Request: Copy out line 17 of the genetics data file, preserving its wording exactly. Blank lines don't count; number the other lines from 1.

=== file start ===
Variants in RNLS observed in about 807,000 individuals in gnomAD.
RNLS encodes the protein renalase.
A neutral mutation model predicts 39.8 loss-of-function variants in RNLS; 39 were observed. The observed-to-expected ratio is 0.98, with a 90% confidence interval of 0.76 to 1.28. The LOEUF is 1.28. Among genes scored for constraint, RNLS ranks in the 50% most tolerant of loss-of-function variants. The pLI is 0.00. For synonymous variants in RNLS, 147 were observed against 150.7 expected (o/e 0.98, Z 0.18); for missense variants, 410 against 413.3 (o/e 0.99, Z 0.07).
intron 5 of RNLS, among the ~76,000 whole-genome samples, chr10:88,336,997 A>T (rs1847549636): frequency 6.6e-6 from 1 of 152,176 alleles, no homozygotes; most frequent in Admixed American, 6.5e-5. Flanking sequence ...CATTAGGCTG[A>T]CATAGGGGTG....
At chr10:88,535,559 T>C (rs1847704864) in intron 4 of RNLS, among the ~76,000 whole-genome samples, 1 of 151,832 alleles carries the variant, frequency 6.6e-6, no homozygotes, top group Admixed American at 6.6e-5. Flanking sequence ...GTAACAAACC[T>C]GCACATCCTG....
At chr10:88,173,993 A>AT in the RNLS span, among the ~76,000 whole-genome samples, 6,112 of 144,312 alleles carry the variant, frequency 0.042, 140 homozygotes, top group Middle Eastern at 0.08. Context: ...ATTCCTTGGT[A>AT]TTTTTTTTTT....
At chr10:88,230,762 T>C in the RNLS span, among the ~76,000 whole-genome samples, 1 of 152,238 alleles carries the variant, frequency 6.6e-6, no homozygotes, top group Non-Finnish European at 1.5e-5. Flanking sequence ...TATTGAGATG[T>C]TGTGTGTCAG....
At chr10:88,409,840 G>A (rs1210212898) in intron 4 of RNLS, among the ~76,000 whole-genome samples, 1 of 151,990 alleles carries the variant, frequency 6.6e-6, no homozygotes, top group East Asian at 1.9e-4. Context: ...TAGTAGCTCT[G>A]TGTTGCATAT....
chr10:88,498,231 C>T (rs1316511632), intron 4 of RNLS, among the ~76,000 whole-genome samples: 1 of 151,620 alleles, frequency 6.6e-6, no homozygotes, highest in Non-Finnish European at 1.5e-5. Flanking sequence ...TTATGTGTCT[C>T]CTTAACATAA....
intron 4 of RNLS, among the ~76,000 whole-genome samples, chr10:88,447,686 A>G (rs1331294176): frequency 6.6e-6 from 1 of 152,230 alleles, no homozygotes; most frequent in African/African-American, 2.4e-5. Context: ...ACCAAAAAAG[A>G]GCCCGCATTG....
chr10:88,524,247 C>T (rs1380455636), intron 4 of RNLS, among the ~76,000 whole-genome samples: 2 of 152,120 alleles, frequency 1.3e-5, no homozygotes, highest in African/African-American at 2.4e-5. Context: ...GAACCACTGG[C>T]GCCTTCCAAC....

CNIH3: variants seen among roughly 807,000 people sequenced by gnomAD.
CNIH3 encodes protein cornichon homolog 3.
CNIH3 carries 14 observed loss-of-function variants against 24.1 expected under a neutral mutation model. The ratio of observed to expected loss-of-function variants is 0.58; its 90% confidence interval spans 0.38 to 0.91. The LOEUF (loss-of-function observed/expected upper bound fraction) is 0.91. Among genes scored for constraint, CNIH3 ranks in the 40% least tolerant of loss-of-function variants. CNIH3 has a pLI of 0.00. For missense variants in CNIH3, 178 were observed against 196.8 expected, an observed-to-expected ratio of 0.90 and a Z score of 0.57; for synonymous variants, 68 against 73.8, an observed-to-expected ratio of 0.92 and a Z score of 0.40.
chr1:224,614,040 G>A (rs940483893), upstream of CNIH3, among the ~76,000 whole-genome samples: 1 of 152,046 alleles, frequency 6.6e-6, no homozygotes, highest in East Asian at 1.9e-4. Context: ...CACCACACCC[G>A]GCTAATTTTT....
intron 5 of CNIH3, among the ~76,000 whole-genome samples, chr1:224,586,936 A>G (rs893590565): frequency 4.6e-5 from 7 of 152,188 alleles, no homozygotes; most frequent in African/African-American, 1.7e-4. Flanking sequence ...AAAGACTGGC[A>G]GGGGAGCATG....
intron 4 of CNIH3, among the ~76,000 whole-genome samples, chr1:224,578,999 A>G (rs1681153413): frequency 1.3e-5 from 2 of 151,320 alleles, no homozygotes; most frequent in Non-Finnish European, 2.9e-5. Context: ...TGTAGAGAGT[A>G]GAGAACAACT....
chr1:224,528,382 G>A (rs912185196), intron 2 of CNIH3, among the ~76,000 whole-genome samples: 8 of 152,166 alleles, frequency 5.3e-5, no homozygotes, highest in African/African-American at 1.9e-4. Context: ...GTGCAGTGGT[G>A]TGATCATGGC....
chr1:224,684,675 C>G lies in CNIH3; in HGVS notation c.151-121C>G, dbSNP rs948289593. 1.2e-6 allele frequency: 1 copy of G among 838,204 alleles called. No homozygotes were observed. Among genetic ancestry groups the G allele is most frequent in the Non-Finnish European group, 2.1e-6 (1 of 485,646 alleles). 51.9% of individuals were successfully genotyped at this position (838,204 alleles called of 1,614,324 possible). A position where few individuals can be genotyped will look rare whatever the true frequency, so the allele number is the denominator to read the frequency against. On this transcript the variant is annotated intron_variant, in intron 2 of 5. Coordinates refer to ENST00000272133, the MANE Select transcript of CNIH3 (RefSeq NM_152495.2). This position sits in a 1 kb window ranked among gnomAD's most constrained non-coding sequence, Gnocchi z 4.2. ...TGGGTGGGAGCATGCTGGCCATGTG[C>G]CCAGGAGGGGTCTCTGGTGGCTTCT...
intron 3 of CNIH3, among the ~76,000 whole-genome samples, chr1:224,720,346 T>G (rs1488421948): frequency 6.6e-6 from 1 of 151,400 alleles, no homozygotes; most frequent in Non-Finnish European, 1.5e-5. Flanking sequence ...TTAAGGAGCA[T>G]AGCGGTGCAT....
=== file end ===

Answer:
intron 4 of CNIH3, among the ~76,000 whole-genome samples, chr1:224,578,999 A>G (rs1681153413): frequency 1.3e-5 from 2 of 151,320 alleles, no homozygotes; most frequent in Non-Finnish European, 2.9e-5. Context: ...TGTAGAGAGT[A>G]GAGAACAACT....